During protein synthesis at the ribosome , the nucleic acid sequence of deoxyribonucleic acid (DNA) and ribonucleic acid (RNA) is translated into the amino acid sequence of a protein. Transfer RNA (tRNA) is an important adapter that "reads" the nucleic acid code in the messenger RNA (mRNA) and "writes" an amino acid sequence. Transfer RNAs transfer individual amino acids onto the growing polypeptide chain.
There is at least one tRNA for each of the twenty naturally occurring amino acids. Each tRNA is transcribed from a different gene but the tRNA genes are clustered in the genome of some organisms. These clusters of genes are transcribed as a single unit, which results in the production of one large precursor RNA molecule. Individual tRNAs are then enzymatically separated from one another. Each tRNA is distinguished by a particular three-nucleotide sequence (the "anticodon") in one region, and by its ability to link up with a particular amino acid.
The nucleotide sequence of the first tRNA was determined in 1965. As of 2000, there are more than one hundred tRNA sequences known, and they are all quite similar. All tRNA molecules are relatively short, composed of less than one hundred nucleotides. Unlike those found in DNA and mRNA, many of the nucleotides found in tRNA are modified to enhance their interactions. Although the three-dimensional shape of tRNA molecules has traditionally been depicted as a cloverleaf, X-ray crystallographic methods have revealed that the actual shape of a tRNA is an upside down letter L.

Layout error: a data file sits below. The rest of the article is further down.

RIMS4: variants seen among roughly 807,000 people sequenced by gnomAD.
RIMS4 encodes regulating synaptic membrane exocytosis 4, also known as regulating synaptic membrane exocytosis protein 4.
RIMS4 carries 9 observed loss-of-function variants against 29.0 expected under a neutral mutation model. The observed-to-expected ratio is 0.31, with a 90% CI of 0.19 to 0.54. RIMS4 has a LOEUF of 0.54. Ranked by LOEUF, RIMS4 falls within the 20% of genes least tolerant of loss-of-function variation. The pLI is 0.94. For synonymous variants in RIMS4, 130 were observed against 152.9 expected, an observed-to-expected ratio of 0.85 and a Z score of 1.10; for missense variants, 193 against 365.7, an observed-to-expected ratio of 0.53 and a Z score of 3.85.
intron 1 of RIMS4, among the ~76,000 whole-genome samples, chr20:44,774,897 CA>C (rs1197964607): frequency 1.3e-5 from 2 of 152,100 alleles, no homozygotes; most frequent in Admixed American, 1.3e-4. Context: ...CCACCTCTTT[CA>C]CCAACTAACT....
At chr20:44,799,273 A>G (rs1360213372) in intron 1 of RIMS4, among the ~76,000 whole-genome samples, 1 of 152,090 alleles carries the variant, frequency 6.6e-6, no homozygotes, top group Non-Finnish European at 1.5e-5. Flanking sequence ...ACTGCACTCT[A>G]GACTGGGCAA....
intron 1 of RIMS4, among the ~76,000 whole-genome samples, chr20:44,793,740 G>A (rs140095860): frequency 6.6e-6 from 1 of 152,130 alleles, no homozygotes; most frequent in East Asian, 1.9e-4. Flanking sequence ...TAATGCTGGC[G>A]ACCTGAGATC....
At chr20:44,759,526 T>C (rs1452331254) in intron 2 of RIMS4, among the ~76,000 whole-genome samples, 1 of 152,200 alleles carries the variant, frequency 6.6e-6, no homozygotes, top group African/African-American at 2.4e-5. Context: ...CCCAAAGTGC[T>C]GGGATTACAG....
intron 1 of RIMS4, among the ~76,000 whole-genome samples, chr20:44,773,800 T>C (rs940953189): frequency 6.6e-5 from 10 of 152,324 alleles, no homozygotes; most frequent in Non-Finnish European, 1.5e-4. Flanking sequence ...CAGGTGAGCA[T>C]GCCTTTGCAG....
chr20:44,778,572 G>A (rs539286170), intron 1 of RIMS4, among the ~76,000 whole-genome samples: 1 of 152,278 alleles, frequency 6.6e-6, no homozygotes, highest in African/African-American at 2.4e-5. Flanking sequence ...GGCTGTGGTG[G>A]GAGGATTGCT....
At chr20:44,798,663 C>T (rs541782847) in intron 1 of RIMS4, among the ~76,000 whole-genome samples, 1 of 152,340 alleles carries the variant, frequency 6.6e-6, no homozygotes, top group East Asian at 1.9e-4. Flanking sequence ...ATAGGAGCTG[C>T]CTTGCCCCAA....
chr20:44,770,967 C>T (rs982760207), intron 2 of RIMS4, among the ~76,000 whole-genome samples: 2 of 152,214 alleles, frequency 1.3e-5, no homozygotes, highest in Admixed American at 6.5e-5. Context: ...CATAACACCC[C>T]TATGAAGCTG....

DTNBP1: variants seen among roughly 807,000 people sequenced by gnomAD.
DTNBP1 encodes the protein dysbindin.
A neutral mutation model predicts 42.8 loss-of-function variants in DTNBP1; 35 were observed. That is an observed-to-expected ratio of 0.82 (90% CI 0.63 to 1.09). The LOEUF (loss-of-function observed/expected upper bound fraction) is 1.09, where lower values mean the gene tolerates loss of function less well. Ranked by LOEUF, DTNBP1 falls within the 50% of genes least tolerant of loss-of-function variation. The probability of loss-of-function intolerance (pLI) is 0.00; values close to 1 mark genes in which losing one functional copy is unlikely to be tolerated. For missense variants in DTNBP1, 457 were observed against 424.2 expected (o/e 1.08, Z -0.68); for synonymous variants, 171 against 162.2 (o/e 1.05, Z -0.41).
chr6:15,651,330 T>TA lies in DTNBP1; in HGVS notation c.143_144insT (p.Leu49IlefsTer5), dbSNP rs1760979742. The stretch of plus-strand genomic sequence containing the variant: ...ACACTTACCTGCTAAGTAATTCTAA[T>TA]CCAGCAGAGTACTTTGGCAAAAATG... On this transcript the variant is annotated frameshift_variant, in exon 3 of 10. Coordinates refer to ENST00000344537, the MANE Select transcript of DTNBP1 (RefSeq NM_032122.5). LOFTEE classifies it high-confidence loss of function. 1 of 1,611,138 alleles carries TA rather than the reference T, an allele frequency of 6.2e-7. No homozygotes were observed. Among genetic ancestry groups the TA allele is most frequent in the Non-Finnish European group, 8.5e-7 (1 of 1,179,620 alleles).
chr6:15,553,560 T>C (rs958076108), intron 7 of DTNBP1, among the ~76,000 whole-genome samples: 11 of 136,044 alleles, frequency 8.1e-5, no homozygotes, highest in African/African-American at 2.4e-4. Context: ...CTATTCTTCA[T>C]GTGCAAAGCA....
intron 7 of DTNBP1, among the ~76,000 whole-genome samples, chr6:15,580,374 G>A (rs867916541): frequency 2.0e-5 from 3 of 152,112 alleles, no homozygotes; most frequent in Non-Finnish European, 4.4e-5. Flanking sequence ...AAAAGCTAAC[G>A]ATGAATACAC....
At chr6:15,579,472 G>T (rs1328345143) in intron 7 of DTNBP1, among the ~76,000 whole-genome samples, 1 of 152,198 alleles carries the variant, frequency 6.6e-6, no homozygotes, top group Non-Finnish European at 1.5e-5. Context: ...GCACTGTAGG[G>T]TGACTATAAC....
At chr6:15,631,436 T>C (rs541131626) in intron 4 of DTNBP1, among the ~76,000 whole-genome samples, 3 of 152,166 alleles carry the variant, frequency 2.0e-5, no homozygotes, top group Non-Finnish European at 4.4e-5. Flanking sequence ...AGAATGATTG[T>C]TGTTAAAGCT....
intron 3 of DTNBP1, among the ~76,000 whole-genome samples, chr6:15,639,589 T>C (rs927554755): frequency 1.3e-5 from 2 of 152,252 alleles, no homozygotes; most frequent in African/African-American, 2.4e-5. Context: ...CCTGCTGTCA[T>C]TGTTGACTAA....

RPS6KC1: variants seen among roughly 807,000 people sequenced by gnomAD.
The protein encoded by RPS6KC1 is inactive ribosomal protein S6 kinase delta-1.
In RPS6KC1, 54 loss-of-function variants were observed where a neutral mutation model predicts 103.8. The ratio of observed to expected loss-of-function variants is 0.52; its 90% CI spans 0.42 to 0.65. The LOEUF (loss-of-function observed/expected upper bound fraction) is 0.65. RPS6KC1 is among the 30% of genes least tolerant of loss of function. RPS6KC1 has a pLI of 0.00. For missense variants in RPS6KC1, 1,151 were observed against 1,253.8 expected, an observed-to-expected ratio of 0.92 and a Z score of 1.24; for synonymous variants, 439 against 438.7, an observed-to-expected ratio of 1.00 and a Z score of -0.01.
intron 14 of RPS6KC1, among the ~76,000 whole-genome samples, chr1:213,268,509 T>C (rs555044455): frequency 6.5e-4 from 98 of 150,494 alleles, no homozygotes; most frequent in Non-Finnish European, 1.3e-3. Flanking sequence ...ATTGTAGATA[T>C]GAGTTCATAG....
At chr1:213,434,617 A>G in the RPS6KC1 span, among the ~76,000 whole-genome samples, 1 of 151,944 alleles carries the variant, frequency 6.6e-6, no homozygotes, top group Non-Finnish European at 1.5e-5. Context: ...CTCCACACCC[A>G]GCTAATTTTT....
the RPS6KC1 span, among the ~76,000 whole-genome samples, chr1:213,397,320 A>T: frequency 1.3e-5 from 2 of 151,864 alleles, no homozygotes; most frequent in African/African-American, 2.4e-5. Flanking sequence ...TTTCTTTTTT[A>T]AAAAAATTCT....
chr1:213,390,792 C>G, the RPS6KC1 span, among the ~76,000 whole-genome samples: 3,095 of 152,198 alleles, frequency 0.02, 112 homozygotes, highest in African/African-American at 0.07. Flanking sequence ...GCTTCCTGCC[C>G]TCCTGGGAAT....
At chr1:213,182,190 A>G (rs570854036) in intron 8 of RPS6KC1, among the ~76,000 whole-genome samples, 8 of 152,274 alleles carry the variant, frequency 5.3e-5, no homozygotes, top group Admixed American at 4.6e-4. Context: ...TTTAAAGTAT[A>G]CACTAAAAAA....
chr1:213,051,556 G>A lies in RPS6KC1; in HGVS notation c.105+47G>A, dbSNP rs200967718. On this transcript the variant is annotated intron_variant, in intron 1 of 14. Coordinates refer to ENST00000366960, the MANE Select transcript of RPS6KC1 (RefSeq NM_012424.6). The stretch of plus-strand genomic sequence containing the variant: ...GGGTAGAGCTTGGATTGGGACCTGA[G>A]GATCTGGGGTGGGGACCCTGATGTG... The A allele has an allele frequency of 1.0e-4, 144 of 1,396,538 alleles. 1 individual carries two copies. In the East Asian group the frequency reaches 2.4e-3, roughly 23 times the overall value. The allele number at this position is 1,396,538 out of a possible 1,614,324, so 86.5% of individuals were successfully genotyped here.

During protein synthesis, the anticodon at one end of the L interacts with a triplet nucleotide in the mRNA called a codon . The correct tRNA will form "Watson-Crick"–type base pairs between the triplet anticodon
At the other end of the L is the amino acid binding site. Enzymes (called aminoacyl tRNA synthetases) join the proper amino acid to its corresponding tRNA. This reaction requires ATP and the bond generated is a "high-energy" (that is, weak) bond. During the addition of the amino acid to the growing polypeptide, this bond is easily hydrolyzed , releasing the energy needed to power the process.
James E. Blankenship
Alberts, Bruce, et al. Molecular Biology of the Cell, 4th ed. New York: Garland Publishing, 2000.
Stryer, Lubert. Biochemistry, 4th ed. New York: W. H. Freeman and Company, 1995.